There is no magic formula or blueprint to follow, since there are many roads to success in this business, but there are some serious guidelines to pursuing your individual path.
First, we would encourage you to analyze why you write. If it is a form of expression and something you do with passion, then that is a good reason. If you are doing it for the money, we’d highly recommend you explore other options. The ratio between the number of songwriters and the number of hits is staggering. Great songs will find their audience and possibly pay out, but it shouldn’t be the motivation. Some of the best songs we’ve ever heard will never find commercial or mainstream success. That is not because the song isn’t worthy. It is simply a case of promotional dollars, limited slots available on radio and a variety of other reasons. The best songwriters, in our opinion, do it because they love it and in many cases it leads to a very lucrative living. Even if they are not household names, they can reach a good level of success by licensing songs to TV, film, etc. But, there is a definite process to growing as a writer and honing the craft.
So, if you’re sure that songwriting is in your heart and something you want to pursue, then the first thing we suggest is to become willing to listen and learn. Listen to songs that really speak to you and analyze why they got your attention. What stands out to you most: the melody, the lyric, the instrumentation, the tempo? Then, explore other genres of music, outside of just ones that you like. Remember that in order to be successful, you have to appeal to the masses and be willing to stand back and listen objectively. People have common struggles, emotions and triumphs. They come in different packaging and layers, but our underlying needs and desires are the basically the same. Your job is to find a way to tap into the soul of another by being authentic, unique and creative.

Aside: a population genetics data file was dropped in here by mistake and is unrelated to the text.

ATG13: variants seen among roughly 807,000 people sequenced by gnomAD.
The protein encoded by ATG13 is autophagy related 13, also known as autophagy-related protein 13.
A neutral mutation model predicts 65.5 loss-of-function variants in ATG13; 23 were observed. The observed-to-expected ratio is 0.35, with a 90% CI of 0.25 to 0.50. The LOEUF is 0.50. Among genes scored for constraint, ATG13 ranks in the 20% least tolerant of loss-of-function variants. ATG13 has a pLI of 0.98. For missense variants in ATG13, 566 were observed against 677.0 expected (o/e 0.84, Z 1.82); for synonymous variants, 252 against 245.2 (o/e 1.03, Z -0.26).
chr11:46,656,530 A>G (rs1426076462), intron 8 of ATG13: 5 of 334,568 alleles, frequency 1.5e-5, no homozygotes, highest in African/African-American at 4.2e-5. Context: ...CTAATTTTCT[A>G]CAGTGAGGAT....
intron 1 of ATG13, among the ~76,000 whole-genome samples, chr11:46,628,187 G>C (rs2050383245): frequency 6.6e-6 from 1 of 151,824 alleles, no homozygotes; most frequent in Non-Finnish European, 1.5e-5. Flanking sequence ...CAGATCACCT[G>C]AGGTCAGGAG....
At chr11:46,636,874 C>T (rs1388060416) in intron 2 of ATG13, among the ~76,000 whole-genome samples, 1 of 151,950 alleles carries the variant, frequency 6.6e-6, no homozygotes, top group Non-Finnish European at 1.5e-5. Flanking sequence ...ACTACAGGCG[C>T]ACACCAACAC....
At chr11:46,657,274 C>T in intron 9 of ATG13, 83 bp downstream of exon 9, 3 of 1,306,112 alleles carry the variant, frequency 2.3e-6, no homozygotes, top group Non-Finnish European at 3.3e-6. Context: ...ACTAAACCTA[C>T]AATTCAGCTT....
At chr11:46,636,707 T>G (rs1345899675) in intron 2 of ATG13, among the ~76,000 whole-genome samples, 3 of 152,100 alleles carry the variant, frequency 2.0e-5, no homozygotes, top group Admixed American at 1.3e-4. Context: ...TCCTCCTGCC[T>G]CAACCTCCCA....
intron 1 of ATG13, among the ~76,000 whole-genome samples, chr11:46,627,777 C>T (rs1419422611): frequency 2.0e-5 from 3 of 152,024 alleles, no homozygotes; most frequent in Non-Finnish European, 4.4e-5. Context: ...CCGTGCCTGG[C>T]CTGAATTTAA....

There are lots of great books, videos and workshops around town on the craft of songwriting. NSAI (www.nashvillesongwriters.com) is a helpful resource. You can gain a lot of insight from these options, but be careful about taking them too literally. We are not fans of counting syllables or rhyme schemes that limit creativity or encourage formulas. We believe that the heart is the best place to write from. But, you must learn the basic rules before you try to break them. Once you’ve got a solid understanding of those, then let your heart lead.
Lastly, don’t try to jump out on stage right away. Spend some time getting comfortable with your instrument, your phrasing, your lyrics, etc. Wait until you are extremely at ease with the song and live with it for a little while before you perform it publicly. You may tweak lines and refine it over a few weeks or months and be very happy you gave it a little extra time. Play it for a few folks privately until your delivery is smooth. Get some feedback. Don’t believe the individual, extreme comments, such as “that is the best song I ever heard” or “that sucked.” Look for the impact on the majority and try to get constructive criticism. This can be hard when you are starting out because your songs are like your children. They are so personal and come from such a deep part of you. But, you must learn to separate yourself a bit and have an objective eye. Once you feel like you’re ready, than play it in public for an unbiased audience several times. If you play it five or six times and it goes over BIG each time, then you’ve probably got something special. If it bombs three out of five times, then rework it or go on to the next song. But don’t give up and keep at it. No matter where you are in your career, you haven’t yet written your best song!